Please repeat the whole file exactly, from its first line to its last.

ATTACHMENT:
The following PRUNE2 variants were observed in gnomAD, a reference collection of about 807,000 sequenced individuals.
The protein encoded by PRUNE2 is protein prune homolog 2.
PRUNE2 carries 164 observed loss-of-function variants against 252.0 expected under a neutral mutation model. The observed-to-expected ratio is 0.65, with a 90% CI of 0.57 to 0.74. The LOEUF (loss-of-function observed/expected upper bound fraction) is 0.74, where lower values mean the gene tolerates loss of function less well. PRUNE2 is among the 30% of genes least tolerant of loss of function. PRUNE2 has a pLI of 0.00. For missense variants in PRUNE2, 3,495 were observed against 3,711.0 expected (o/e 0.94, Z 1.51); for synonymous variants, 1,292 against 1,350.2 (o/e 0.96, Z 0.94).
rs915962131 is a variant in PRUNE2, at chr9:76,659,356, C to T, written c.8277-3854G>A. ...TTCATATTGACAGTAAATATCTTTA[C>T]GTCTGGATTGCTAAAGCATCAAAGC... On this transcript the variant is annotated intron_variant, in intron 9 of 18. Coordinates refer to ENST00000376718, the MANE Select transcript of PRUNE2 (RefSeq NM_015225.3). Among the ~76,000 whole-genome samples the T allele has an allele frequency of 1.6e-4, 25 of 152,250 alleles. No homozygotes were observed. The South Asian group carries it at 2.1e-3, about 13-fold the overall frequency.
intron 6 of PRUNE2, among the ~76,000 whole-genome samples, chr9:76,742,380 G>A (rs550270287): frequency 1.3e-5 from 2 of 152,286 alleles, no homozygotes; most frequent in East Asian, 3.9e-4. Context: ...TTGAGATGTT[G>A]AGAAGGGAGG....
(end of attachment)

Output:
The following PRUNE2 variants were observed in gnomAD, a reference collection of about 807,000 sequenced individuals.
The protein encoded by PRUNE2 is protein prune homolog 2.
PRUNE2 carries 164 observed loss-of-function variants against 252.0 expected under a neutral mutation model. The observed-to-expected ratio is 0.65, with a 90% CI of 0.57 to 0.74. The LOEUF (loss-of-function observed/expected upper bound fraction) is 0.74, where lower values mean the gene tolerates loss of function less well. PRUNE2 is among the 30% of genes least tolerant of loss of function. PRUNE2 has a pLI of 0.00. For missense variants in PRUNE2, 3,495 were observed against 3,711.0 expected (o/e 0.94, Z 1.51); for synonymous variants, 1,292 against 1,350.2 (o/e 0.96, Z 0.94).
rs915962131 is a variant in PRUNE2, at chr9:76,659,356, C to T, written c.8277-3854G>A. ...TTCATATTGACAGTAAATATCTTTA[C>T]GTCTGGATTGCTAAAGCATCAAAGC... On this transcript the variant is annotated intron_variant, in intron 9 of 18. Coordinates refer to ENST00000376718, the MANE Select transcript of PRUNE2 (RefSeq NM_015225.3). Among the ~76,000 whole-genome samples the T allele has an allele frequency of 1.6e-4, 25 of 152,250 alleles. No homozygotes were observed. The South Asian group carries it at 2.1e-3, about 13-fold the overall frequency.
intron 6 of PRUNE2, among the ~76,000 whole-genome samples, chr9:76,742,380 G>A (rs550270287): frequency 1.3e-5 from 2 of 152,286 alleles, no homozygotes; most frequent in East Asian, 3.9e-4. Context: ...TTGAGATGTT[G>A]AGAAGGGAGG....